In response to a spike in syphilis and gonorrhea cases, one Oregon county is sending medical sleuths to break the bad news in person. Some people have no idea they’ve been exposed to an infection.
Alec Raeshawn Smith was 23 when diagnosed with Type 1 diabetes, and 26 when he died. He couldn’t afford $1,300 per month for his insulin and other diabetes supplies. So he tried to stretch the doses.
One doctor in Kansas works to make sure every hospital in the state can provide the soft start, ideally with their mothers, that babies with neonatal abstinence syndrome need.
The devastating loss of a promising young doctor prompts soul-searching and action at one of the nation’s largest emergency room staffing companies.
Two Missouri hospitals handed over their operations to a private company that has vastly increased the money the hospitals bring in through their laboratories, even though the lab tests are not done on-site.
A small group of insurers offers some members with serious illnesses medically tailored meals to improve their health.
Patients revived from an opioid overdose who get methadone or Suboxone treatment for addiction afterward are much more likely to be alive a year later, says a study published in the Annals of Internal Medicine.
While U.S. teen pregnancy rates overall have trended steadily downward in the past decade, they remain high in some communities, particularly for black and Latina teens. In one part of Washington, D.C., a high school midwife program is a novel approach that’s showing promise in tackling the problem.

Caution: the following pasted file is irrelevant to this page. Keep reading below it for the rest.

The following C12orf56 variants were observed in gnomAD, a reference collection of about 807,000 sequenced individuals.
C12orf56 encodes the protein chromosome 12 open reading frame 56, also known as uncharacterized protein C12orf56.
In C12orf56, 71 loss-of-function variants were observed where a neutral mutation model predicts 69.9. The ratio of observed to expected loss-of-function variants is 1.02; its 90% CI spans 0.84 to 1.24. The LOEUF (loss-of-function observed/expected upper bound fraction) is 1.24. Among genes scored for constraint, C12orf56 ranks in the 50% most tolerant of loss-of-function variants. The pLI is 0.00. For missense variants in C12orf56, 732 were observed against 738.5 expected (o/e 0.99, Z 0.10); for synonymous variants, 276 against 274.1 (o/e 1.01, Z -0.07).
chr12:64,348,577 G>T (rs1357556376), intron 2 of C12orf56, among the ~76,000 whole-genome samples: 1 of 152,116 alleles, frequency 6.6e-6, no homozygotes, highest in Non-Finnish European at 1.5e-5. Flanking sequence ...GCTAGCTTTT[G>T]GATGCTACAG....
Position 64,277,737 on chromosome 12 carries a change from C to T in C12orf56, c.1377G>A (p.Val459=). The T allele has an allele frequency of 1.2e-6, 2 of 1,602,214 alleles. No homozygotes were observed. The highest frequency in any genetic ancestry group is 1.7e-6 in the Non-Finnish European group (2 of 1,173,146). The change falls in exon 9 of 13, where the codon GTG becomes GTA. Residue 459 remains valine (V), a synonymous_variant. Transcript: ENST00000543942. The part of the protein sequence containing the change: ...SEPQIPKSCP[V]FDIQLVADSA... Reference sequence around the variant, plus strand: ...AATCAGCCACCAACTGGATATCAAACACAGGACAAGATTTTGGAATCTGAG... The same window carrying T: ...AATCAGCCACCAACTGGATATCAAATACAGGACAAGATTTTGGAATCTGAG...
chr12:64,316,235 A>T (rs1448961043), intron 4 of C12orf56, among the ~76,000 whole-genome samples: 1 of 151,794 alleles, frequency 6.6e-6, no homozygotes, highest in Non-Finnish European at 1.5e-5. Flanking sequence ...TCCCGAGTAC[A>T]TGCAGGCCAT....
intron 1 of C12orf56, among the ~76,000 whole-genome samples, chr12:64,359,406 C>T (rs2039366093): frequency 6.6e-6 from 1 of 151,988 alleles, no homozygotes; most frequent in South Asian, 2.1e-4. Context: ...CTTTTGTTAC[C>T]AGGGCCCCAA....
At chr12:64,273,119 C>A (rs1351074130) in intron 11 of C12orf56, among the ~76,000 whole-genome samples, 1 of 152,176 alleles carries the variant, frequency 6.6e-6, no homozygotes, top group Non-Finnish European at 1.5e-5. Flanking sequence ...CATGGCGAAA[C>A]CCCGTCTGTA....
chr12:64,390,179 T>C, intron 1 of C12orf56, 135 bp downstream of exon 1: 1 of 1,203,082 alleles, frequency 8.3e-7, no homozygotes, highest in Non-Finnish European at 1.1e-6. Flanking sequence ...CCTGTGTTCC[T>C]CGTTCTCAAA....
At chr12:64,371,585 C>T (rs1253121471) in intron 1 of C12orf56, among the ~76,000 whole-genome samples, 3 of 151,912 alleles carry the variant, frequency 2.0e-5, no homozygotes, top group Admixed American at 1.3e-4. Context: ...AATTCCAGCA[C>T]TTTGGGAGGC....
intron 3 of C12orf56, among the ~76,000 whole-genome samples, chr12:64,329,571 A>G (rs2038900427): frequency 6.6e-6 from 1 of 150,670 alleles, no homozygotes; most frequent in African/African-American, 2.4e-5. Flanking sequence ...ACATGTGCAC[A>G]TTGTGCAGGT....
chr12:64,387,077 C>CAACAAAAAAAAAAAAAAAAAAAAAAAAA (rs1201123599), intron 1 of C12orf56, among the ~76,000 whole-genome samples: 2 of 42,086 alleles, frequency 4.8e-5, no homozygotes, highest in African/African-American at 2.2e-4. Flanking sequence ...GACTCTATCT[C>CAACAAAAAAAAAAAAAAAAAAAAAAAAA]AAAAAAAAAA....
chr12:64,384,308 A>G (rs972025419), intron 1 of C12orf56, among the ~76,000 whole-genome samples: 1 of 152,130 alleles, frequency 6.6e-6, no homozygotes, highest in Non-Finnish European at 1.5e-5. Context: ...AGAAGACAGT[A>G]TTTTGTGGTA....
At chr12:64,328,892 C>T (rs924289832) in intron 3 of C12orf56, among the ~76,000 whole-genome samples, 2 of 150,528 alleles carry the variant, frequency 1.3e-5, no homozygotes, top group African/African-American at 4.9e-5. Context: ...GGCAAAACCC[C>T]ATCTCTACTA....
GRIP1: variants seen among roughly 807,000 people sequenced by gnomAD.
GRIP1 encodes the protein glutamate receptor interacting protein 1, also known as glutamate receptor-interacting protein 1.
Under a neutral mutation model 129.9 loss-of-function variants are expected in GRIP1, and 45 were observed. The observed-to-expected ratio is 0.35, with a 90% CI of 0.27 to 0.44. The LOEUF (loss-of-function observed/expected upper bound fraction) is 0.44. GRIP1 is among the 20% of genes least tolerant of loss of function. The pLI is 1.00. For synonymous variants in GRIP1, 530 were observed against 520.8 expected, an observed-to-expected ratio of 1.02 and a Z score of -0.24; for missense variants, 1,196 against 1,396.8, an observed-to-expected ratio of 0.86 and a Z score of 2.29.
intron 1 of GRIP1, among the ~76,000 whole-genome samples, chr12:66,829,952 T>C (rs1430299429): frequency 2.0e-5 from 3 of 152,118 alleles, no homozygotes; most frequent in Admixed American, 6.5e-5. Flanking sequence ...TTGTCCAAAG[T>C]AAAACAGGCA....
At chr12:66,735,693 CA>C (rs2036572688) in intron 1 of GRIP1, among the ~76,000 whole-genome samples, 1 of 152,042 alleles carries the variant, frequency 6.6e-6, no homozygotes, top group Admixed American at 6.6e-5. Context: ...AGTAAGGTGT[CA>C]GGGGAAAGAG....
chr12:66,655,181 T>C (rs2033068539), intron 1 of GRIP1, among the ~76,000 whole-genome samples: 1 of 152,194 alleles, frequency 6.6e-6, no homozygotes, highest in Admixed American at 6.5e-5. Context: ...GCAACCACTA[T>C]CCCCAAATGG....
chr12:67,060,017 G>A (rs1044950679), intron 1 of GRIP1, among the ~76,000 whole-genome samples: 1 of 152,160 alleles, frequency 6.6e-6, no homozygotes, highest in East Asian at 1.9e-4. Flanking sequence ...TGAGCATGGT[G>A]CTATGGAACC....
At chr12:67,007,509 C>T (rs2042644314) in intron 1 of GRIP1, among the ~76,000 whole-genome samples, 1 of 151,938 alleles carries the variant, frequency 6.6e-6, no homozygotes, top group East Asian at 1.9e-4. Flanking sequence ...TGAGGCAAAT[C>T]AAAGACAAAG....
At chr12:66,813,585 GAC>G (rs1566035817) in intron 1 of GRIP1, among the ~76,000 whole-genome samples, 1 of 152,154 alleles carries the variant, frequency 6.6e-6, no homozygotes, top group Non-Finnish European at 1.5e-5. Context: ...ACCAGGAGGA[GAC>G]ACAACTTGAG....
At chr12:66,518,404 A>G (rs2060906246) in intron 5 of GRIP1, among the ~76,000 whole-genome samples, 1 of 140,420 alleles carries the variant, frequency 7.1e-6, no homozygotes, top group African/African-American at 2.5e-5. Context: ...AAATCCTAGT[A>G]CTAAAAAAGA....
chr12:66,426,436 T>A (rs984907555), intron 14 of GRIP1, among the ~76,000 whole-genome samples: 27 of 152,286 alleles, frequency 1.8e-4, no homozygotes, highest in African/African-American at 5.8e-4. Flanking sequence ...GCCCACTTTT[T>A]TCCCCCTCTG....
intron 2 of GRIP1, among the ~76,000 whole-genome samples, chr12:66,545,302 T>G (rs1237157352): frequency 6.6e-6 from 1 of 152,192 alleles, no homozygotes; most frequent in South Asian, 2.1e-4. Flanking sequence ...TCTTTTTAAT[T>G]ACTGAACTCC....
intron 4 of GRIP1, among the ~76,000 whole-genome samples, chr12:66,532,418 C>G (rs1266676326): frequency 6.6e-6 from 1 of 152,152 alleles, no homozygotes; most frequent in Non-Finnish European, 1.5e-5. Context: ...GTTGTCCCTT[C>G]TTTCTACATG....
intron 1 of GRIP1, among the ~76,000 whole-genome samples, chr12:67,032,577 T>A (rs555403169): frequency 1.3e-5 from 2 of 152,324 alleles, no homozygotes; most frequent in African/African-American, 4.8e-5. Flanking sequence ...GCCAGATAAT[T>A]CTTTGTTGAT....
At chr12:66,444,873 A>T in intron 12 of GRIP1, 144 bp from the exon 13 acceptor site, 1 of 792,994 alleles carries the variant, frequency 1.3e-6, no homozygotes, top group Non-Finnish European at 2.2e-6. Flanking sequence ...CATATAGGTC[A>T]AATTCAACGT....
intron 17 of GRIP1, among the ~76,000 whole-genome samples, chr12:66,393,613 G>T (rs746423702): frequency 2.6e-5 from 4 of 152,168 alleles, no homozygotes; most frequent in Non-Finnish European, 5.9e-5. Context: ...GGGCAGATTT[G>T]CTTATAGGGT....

KHN senior correspondent Liz Szabo joins a panel on WAMU’s radio show “1A” to discuss new insight into breast cancer treatment.
Today’s drug prevention messaging is a far cry from the “Just Say No” days. Schools want to give kids the facts to make informed decisions about whether and when to try drugs or alcohol.
Women are at high risk for getting concussions from domestic violence. A neurologist and a social worker have paired up to try to get women the specialized medical help and counseling they need.
Virtual visitation using webcams lets anyone with a password keep their eye on the most vulnerable babies.
Last month, U.S. Surgeon General Jerome Adams urged more Americans to carry and learn to use naloxone, which can save someone from an opioid overdose. But the drug, brand-name Narcan, can be difficult to get and expensive.
A device called the Bridge is supposed to mitigate the misery of withdrawal sickness, but scientific evidence doesn’t yet show that it works.
Nationally, women outnumber men as specialists in obstetrics and gynecology — yet women remain underrepresented in leadership roles. Many OB-GYN patients say they prefer female doctors, as residency programs strive for diversity in race, ethnicity and even gender.
A disability rights groups in Texas wants to make sure people who’ve been disabled by gun violence in Texas get a chance to talk to lawmakers.
More than six months after Hurricane Maria, daily life in Castañer, Puerto Rico, is nowhere close to normal as residents try to deal with the effects of trauma, chronic stress and the continued lack of electricity.
Roughly half of patients don’t take their high blood pressure medicine as they should, even though heart disease is the leading cause of death in America. Now, a drug test can flag whether a patient is taking the prescribed medication and is meant to spark a more truthful conversation between patient and doctor.
Washington, D.C., is trying to stop new cases of HIV in the district by making sure residents who might be at risk are taking PrEP, medicine that cuts the risk of contracting the virus by 92 percent.
Some of the safety-net programs set up after Hurricane Maria devastated Puerto Rico are being disbanded.